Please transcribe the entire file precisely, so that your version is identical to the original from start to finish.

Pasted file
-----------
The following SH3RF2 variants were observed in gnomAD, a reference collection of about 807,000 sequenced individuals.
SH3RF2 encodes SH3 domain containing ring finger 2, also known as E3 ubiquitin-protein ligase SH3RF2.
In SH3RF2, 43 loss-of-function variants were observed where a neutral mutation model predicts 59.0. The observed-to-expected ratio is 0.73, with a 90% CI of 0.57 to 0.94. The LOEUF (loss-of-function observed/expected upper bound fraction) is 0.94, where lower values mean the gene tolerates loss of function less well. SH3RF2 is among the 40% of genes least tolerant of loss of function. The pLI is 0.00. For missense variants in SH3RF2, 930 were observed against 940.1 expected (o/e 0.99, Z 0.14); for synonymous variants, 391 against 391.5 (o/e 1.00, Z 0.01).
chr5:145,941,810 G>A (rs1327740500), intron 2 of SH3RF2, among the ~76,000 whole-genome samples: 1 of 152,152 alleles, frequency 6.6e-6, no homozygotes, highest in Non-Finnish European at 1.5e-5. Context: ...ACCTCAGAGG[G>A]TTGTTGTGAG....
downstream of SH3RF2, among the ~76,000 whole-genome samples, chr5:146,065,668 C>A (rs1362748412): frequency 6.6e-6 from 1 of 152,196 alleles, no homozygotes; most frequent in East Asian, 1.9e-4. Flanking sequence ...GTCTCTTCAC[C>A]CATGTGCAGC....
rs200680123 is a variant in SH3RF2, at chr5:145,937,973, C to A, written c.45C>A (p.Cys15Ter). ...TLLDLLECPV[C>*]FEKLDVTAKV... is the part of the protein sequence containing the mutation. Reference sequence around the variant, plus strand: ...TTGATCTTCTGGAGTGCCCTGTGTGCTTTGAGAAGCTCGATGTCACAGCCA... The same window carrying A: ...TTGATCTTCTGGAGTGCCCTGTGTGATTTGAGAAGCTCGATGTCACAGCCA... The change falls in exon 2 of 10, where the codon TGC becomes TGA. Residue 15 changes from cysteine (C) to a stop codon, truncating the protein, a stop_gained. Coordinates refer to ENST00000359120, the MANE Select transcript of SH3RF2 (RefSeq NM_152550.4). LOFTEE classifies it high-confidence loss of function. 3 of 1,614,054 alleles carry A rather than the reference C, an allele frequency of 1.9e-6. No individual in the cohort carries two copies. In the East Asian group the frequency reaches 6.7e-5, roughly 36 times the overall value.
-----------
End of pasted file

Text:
The following SH3RF2 variants were observed in gnomAD, a reference collection of about 807,000 sequenced individuals.
SH3RF2 encodes SH3 domain containing ring finger 2, also known as E3 ubiquitin-protein ligase SH3RF2.
In SH3RF2, 43 loss-of-function variants were observed where a neutral mutation model predicts 59.0. The observed-to-expected ratio is 0.73, with a 90% CI of 0.57 to 0.94. The LOEUF (loss-of-function observed/expected upper bound fraction) is 0.94, where lower values mean the gene tolerates loss of function less well. SH3RF2 is among the 40% of genes least tolerant of loss of function. The pLI is 0.00. For missense variants in SH3RF2, 930 were observed against 940.1 expected (o/e 0.99, Z 0.14); for synonymous variants, 391 against 391.5 (o/e 1.00, Z 0.01).
chr5:145,941,810 G>A (rs1327740500), intron 2 of SH3RF2, among the ~76,000 whole-genome samples: 1 of 152,152 alleles, frequency 6.6e-6, no homozygotes, highest in Non-Finnish European at 1.5e-5. Context: ...ACCTCAGAGG[G>A]TTGTTGTGAG....
downstream of SH3RF2, among the ~76,000 whole-genome samples, chr5:146,065,668 C>A (rs1362748412): frequency 6.6e-6 from 1 of 152,196 alleles, no homozygotes; most frequent in East Asian, 1.9e-4. Flanking sequence ...GTCTCTTCAC[C>A]CATGTGCAGC....
rs200680123 is a variant in SH3RF2, at chr5:145,937,973, C to A, written c.45C>A (p.Cys15Ter). ...TLLDLLECPV[C>*]FEKLDVTAKV... is the part of the protein sequence containing the mutation. Reference sequence around the variant, plus strand: ...TTGATCTTCTGGAGTGCCCTGTGTGCTTTGAGAAGCTCGATGTCACAGCCA... The same window carrying A: ...TTGATCTTCTGGAGTGCCCTGTGTGATTTGAGAAGCTCGATGTCACAGCCA... The change falls in exon 2 of 10, where the codon TGC becomes TGA. Residue 15 changes from cysteine (C) to a stop codon, truncating the protein, a stop_gained. Coordinates refer to ENST00000359120, the MANE Select transcript of SH3RF2 (RefSeq NM_152550.4). LOFTEE classifies it high-confidence loss of function. 3 of 1,614,054 alleles carry A rather than the reference C, an allele frequency of 1.9e-6. No individual in the cohort carries two copies. In the East Asian group the frequency reaches 6.7e-5, roughly 36 times the overall value.